Data are more extensive with respect to phenytoin and phenobarbital, but these drugs are also the most commonly prescribed antiepileptics. Some reports indicate a possible similar association with the use of other antiepileptic drugs, including trimethadione, paramethadione, and valproic acid. However, the possibility also exists that other factors, e.g., genetic predisposition or the epileptic condition itself may contribute to or may be mainly responsible for the higher incidence of birth defects.

Patients taking valproic acid may develop clotting abnormalities. If valproic acid is used in pregnancy, the clotting parameters should be monitored carefully.

Antiepileptic drugs should not be discontinued in patients to whom the drug is administered to prevent major seizures, because of the strong possibility of precipitating status epilepticus with attendant hypoxia and risks to both the mother and the unborn child. With regard to drugs given for minor seizures, the risks of discontinuing medication prior to or during pregnancy should be weighed against the risk of congenital defects in the particular case and with the particular family history.

Epileptic women of childbearing age should be encouraged to seek the counsel of their physician and should report the onset of pregnancy promptly to him. Where the necessity for continued use of antiepileptic medication is in doubt, appropriate consultation is indicated.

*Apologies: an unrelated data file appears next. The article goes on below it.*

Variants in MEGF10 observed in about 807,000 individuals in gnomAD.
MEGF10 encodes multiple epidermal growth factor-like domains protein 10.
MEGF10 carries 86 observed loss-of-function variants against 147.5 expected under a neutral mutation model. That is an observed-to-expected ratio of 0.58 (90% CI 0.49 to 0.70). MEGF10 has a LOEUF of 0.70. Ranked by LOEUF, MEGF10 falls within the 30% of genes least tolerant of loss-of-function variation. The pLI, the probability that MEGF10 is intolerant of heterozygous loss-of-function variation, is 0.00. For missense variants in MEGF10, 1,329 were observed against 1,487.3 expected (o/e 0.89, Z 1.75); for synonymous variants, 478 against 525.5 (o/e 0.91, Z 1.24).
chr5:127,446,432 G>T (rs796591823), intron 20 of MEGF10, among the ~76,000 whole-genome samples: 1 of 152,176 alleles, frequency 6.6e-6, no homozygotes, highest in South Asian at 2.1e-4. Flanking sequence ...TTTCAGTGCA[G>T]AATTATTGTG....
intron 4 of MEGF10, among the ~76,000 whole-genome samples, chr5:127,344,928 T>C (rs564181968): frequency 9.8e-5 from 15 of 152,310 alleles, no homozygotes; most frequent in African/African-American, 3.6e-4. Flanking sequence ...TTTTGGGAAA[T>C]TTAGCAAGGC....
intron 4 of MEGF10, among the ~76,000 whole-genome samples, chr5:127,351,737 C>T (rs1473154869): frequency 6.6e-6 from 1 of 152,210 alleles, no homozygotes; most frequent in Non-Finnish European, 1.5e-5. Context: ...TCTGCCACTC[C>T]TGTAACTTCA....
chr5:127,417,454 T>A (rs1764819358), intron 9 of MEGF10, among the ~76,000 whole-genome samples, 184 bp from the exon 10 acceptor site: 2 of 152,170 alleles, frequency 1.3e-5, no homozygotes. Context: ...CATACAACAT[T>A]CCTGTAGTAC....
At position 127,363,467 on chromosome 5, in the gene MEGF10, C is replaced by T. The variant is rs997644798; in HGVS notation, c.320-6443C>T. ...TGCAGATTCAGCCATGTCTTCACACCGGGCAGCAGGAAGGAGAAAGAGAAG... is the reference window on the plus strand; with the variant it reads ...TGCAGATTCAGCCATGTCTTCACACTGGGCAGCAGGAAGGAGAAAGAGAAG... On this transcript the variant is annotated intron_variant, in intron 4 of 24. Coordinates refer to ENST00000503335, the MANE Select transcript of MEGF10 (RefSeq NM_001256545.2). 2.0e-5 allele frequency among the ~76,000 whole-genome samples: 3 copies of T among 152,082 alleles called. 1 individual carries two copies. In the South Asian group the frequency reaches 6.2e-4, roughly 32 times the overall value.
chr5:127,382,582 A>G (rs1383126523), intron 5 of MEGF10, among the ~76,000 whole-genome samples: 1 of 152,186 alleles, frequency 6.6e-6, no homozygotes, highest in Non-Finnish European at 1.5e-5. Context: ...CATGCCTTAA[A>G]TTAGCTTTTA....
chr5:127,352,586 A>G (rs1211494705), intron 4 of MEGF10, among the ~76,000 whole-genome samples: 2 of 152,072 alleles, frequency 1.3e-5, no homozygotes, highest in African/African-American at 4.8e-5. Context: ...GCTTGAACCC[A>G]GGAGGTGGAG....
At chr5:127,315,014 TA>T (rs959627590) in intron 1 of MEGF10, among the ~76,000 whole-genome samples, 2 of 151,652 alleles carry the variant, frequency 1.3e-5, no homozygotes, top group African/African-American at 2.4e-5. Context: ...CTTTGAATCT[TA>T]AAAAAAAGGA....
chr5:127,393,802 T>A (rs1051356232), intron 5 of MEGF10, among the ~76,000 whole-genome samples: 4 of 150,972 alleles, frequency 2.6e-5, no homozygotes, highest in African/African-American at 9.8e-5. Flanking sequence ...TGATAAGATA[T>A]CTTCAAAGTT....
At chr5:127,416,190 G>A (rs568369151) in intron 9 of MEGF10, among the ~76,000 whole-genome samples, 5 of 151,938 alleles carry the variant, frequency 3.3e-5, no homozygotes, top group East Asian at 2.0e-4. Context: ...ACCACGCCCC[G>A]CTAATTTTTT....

Risk-benefit must be carefully considered when treating women of childbearing age for bipolar disorder.

Tests to detect neural tube and other defects using current accepted procedures should be considered a part of routine prenatal care in childbearing women receiving valproate.

Lactation:
Valproic acid is excreted in breast milk. Concentrations in breast milk have been reported to be 1 to 10% of serum concentrations. As a general rule, nursing should not be undertaken while a patient is receiving divaiproex. It is not known what effect this may have on a nursing infant.

Fertility:
The effect of valproate on testicular development and on sperm production and fertility in humans is unknown.

Long-term animal toxicity studies indicate that valproic acid is a weak carcinogen or promoter in rats and mice. The significance of these findings for man is unknown at present.

Precautions

Hepatic dysfunction (see Contraindications and Warnings).

General:
Because of reports of thrombocytopenia, inhibition of the second phase of platelet aggregation, platelet counts and coagulation tests are recommended before instituting therapy and at periodic intervals. It is recommended that patients receiving divalproex be monitored for platelet count and coagulation parameters prior to planned surgery.

Clinical evidence of hemorrhage, bruising or a disorder of hemostasis/coagulation is an indication for dosage reduction or withdrawal of therapy pending investigation.